Mind your "digital brand," one communications professor charged students Tuesday night at an installment of the Last Lecture Series.
Professor Scott Talan said your brand is essentially your online reputation, and represents both your personal and workplace life. He said protecting that image goes beyond untagging inappropriate pictures of yourself on Facebook.
"If you represent yourself a certain way, you want to keep that consistent in your brand," Talan said.
Brand inconsistency can turn off potential employers and disrupt others' perceptions of who you are, Talan said. A hypothetical woman, who represents her brand as an author and Harvard graduate, could ruin that brand if she were to suddenly appear on a trashy reality show, Talan said.
He brought up the example of seven-year-old MySpace accounts that users never bothered to delete. Such accounts are dangerous to leave active, Talan said, because it gives people a different and inconsistent version of you. He called this "brand negligence."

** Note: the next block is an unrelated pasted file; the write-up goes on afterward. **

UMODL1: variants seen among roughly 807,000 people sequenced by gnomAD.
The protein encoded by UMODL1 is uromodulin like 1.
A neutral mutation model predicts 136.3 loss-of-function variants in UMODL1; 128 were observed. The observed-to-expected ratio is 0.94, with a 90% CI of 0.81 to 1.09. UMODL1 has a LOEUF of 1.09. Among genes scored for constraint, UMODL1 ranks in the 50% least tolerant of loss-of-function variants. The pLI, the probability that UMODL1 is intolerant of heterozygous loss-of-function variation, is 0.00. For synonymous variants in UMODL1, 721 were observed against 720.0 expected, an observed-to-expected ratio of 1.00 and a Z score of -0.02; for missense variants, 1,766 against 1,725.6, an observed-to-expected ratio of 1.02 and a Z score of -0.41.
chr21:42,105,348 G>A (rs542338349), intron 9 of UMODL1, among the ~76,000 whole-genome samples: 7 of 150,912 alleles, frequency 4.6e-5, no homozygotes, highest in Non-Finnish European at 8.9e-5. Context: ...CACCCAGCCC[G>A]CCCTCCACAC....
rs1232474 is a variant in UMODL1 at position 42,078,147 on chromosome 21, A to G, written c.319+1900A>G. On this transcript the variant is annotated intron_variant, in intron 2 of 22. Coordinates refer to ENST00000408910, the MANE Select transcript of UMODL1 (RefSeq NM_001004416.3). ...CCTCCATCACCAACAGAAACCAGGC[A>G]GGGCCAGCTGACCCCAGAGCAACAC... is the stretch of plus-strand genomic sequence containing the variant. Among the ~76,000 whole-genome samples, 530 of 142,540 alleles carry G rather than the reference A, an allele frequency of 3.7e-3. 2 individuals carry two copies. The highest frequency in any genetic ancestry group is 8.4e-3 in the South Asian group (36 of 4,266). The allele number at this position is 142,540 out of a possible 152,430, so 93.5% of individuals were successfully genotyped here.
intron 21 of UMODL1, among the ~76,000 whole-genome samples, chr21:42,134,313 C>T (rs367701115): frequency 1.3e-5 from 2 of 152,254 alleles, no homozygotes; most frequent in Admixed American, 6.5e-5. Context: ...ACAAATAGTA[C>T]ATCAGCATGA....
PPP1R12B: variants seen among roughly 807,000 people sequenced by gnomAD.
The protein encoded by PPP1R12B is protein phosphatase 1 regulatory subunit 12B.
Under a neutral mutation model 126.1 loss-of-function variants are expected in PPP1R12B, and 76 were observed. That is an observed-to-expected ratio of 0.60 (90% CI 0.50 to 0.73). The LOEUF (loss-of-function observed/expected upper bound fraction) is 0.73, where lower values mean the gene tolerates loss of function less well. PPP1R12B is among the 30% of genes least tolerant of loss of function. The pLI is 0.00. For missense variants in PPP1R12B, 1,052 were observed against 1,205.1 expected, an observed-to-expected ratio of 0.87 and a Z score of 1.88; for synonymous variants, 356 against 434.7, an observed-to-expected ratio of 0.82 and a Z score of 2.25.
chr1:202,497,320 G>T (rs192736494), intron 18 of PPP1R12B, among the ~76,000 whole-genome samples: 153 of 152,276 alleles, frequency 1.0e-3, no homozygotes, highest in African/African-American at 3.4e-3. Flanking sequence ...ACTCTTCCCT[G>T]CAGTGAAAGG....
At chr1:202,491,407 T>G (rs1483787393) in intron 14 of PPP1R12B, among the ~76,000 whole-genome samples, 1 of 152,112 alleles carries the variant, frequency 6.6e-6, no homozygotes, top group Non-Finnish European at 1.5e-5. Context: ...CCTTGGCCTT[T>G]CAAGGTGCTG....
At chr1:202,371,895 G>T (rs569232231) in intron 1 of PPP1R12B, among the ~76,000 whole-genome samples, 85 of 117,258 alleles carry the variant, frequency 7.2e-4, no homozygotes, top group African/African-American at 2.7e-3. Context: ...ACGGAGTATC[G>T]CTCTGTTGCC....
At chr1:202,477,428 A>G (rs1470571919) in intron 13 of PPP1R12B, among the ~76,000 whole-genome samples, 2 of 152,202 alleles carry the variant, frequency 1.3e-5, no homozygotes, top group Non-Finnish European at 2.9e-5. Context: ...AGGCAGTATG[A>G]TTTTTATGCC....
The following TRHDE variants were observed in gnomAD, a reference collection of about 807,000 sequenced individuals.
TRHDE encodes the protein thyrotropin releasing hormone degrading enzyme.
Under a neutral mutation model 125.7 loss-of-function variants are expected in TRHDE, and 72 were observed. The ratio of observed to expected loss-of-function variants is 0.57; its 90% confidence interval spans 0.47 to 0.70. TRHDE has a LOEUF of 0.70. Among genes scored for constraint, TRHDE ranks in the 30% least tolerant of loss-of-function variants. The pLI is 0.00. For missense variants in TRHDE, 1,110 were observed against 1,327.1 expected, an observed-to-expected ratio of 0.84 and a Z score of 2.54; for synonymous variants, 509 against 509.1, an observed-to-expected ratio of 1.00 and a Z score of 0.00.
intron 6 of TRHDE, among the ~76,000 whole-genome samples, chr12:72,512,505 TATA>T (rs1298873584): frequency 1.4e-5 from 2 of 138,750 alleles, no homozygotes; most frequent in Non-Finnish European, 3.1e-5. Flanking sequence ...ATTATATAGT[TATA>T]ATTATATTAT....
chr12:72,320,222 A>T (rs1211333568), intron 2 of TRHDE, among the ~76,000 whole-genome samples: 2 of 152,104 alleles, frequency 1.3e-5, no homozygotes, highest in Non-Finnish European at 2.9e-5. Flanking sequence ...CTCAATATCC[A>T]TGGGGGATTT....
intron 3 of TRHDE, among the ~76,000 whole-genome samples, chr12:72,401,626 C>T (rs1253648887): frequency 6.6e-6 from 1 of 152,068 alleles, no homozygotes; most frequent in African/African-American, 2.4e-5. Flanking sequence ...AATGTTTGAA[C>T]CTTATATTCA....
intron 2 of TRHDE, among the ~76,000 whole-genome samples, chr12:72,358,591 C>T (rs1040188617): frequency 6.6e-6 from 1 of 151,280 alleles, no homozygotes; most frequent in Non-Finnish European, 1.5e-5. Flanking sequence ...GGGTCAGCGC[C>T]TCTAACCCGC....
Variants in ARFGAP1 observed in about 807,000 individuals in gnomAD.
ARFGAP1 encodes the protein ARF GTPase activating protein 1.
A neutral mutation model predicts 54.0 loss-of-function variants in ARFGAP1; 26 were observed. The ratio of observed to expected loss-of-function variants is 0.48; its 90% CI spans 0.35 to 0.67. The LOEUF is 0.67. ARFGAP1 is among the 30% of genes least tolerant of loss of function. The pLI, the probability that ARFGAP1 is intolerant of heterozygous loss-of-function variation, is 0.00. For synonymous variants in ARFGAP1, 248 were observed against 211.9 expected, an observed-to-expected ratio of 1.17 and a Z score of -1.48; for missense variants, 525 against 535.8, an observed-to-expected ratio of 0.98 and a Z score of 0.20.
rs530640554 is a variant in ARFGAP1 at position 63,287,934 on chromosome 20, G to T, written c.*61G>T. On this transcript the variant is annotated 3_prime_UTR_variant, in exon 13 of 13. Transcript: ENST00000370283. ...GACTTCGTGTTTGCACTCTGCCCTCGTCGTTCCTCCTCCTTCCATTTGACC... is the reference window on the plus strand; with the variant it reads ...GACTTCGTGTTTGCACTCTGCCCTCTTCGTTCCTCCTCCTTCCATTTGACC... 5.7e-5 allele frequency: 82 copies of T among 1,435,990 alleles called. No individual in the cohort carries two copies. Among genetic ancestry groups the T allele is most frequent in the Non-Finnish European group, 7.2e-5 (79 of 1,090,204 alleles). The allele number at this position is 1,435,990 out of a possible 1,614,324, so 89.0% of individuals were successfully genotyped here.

Talan threw out the statistic that 92 percent of toddlers today have some sort of online presence, because their parents post baby pictures and even ultrasound images. These children will need to learn to manage their brands at an earlier age, he said.
Talan also promoted the use of new media tools to increase brand exposure. He suggested blogging about hobbies and utilizing Twitter and LinkedIn profiles to make workplace contacts and boost brand presence.
"The best person to manage your brand is yourself," Talan said.
His speech was the latest in GW's "Last Lecture" series, a program based on Carnegie Melon University Professor Randy Pausch's last lesson to his students before he died of cancer.
Molly Brawer, a junior, said Talan's lecture reiterated things she had heard about some of the dangers of representing yourself using social media. She said she found his speech very compelling.
"Professor Talan is mesmerizing and captivating and you can't help but listen," Brawer said.